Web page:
Hopelessness: If not addressed early enough, PTSD can lead to chronic depression and feelings of hopelessness, especially if the traumatic experience was done repeatedly (like sexual or physical abuse). 

Disinterest in once-popular activities: Although this is a symptom of most mental health issues, it also affects people with PTSD. For instance, an individual who witnessed the murder of someone or an accident might become completely disinterested in outdoor activities as a result of the disorder. 

Emotional numbness: Emotional numbness usually occurs when a traumatic activity is done repeatedly. This can lead to a lack of empathy and strained social relationships if professional intervention isn’t sought. 

Difficulty enjoying activities or experiencing positive feelings: Another common sign of PTSD is a lack of enjoyment in activities. An individual might struggle to enjoy fun activities or even see the benefit of constructive relationships. 

Overwhelming shame or guilt: Overwhelming shame is also a common symptom of PTSD that primarily affects people that don’t want to open up about their respective plights. Victims often think they’ll be judged or perceived differently if they talk about their issues. 

Insomnia: As the nightmares continue to worsen, catching sleep becomes difficult for people diagnosed with PTSD. The lack of sleep can affect an individual’s work or school performance and even lead to negative coping mechanisms such as excessive drinking and drug abuse. 

Negative thoughts: Some people with PTSD have negative views about everything. Instead of seeing the good in people or situations, they believe the outcomes will be similar to the past traumatic experience. 

The Relationship Between PTSD and Drug Addiction

PTSD and substance use disorders have a direct relationship and, more often than not, feed off each other. People with post-traumatic stress disorder usually find it hard to cope with triggers or negative situations and often seek refuge in drugs as an escape.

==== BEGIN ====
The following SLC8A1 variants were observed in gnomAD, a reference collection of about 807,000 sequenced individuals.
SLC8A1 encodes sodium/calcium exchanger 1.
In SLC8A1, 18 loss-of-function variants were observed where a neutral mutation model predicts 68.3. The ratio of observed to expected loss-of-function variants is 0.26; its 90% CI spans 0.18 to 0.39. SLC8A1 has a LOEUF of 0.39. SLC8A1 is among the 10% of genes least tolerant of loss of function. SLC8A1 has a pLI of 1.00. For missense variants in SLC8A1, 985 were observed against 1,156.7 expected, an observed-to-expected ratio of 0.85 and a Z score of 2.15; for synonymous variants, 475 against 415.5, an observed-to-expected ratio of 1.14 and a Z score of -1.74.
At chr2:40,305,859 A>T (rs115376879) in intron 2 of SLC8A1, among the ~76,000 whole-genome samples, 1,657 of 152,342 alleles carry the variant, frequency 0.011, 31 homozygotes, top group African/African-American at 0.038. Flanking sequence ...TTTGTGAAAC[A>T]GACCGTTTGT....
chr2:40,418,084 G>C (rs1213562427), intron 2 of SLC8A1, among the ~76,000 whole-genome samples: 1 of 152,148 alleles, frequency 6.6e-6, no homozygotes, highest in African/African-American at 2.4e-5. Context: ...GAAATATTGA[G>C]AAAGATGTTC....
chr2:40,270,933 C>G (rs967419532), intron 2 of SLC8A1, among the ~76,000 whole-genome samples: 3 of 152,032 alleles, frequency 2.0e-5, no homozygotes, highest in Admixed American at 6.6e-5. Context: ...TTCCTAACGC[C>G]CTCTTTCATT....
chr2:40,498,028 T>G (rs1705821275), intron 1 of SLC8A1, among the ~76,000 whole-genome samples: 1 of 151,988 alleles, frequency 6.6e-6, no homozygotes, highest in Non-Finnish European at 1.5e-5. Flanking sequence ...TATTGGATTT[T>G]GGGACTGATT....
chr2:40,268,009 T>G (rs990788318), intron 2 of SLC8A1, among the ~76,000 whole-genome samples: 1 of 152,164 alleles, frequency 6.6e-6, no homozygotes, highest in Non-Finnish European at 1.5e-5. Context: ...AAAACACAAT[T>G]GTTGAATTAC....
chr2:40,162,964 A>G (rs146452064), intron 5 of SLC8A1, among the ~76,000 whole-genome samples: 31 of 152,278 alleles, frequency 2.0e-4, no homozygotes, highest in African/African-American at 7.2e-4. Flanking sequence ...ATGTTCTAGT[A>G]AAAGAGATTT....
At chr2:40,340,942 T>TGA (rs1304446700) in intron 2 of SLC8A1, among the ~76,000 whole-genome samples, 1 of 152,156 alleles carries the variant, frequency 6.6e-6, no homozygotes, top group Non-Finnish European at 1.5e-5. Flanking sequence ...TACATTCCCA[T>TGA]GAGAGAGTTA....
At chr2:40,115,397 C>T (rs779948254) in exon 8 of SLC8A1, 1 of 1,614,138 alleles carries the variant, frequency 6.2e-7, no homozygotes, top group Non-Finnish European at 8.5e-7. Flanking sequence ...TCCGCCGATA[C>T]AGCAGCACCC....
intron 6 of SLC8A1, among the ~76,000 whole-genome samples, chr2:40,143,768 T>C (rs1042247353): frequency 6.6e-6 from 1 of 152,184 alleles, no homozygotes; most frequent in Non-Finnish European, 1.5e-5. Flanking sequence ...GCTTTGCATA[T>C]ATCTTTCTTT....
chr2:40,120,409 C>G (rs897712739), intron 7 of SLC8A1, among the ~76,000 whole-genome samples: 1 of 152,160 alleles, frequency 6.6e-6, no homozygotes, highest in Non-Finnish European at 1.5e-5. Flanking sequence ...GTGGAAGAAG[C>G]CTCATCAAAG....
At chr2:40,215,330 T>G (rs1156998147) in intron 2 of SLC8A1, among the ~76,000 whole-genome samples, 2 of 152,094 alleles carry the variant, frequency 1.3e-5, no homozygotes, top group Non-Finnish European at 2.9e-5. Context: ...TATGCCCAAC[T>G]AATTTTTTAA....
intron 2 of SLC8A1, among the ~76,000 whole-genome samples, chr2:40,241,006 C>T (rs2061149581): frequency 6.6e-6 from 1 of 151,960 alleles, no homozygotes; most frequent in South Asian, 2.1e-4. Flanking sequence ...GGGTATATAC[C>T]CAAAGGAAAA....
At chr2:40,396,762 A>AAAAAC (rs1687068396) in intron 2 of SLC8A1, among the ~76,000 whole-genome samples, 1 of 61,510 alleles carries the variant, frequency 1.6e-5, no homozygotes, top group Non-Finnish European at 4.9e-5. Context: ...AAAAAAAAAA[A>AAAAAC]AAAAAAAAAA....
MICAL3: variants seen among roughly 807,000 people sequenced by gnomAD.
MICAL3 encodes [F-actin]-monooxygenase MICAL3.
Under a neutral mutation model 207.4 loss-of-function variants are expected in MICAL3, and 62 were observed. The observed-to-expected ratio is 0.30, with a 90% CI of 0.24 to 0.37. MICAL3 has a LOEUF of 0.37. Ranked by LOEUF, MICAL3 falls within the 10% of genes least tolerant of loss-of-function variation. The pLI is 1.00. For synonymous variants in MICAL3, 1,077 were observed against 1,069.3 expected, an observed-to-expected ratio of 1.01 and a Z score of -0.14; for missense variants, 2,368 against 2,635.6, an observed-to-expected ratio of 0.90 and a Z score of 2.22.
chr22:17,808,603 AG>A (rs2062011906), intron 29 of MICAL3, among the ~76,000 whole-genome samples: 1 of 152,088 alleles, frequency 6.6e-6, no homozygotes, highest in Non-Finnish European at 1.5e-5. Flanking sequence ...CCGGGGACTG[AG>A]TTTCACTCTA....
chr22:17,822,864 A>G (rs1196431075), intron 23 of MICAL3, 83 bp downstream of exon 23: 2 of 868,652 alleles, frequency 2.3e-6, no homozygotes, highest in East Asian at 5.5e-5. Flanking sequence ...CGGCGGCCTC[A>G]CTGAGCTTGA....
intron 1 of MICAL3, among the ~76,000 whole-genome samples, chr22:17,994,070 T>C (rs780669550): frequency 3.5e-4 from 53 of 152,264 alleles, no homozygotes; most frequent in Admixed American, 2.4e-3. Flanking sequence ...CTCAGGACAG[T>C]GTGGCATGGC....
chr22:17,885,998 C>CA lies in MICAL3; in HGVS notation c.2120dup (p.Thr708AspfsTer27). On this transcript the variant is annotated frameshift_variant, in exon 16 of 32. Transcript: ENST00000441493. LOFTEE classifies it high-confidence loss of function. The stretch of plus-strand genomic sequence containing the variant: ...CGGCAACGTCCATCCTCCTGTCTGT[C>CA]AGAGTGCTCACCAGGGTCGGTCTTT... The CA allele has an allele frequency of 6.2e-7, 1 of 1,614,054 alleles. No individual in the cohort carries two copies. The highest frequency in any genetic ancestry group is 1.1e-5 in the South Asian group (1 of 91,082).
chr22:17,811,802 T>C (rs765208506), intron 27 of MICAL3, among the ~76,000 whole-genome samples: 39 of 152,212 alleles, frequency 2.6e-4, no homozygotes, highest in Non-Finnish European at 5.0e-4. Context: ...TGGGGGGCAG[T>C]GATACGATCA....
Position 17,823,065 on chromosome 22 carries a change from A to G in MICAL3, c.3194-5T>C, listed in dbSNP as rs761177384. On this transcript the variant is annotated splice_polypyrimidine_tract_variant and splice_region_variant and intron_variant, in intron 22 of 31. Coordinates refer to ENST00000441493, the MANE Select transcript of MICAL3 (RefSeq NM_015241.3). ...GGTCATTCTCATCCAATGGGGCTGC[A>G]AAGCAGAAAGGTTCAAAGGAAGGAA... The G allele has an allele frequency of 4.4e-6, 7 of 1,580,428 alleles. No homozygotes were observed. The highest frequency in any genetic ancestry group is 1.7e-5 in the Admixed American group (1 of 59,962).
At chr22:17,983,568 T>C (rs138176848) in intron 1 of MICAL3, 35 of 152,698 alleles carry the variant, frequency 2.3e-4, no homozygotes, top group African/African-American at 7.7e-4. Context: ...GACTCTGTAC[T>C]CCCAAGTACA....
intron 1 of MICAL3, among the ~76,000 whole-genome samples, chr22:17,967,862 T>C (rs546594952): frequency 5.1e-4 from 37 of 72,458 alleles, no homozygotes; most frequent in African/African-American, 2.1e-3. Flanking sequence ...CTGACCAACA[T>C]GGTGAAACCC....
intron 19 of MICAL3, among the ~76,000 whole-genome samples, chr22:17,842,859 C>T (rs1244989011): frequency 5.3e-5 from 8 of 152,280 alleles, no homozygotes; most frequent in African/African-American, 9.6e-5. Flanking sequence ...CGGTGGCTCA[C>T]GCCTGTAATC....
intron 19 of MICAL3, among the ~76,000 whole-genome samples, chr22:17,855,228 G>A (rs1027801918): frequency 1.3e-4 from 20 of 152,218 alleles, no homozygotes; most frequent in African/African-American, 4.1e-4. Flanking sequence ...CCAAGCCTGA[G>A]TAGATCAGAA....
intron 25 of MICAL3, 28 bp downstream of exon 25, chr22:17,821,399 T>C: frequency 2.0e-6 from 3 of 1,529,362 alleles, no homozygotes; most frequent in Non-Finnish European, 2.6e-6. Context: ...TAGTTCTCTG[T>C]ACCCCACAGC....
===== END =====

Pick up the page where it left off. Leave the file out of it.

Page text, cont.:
Moreover, both drugs and PTSD alter the brain’s chemical balance.

PTSD, for instance, is associated with the release of reduced dopamine, one of the brain’s feel-good hormones. And to improve the negative symptoms, some people resort to drugs that impact brain chemicals like dopamine and endorphins. 

Some of the drugs that can be used by people with PTSD to alter moods include prescription opioids, alcohol, heroin, methamphetamine, cocaine, and more. 

Benzos and barbiturates are also commonly used for their numbing effects, which seem ideal for people undergoing serious episodes.  

While not everyone with PTSD will turn to drugs for solace, most get desperate to escape symptoms such as anxiety, hopelessness, and even insomnia. 

And without constant support and care from loved ones, it becomes very easy for people with PTSD to turn to drugs, especially if the symptoms are severe. 

Signs A Loved One With PTSD is Abusing Drugs

Increased Isolation

A once social individual might become increasingly isolated once they resort to drug abuse. Pay close attention to coping behaviors, especially if a loved one with PTSD no longer wishes to spend time with friends or family members that were once confidants and pillars of support. 

While hanging out with new friends is no cause for alarm, you should be worried if a loved one comes home intoxicated after spending time with new buddies. 

Behavior Changes

Although some behavior changes occur as a result of PTSD, extreme ones usually point out to new coping mechanisms. 

It could be that an individual no longer spends time at home during weekends, spends more time at the bar, has drinking friends, or is constantly broke or even lethargic and hopeless. 

If you notice extreme behavioral changes, chances are your loved one has resorted to drugs or alcohol as an escape. 

Reduced Overall Performance

Another worrying sign of addiction is if a loved one’s performance drastically reduces in school or work activities. While it’s normal for people with PTSD to experience a slight dip in performance, extreme underperformance might indicate an underlying drug issue. 

If the underperformance goes from bad to worse, then your loved one might have started abusing drugs. The best way to approach the situation is to monitor the individual and be on the lookout for any extreme behavioral changes.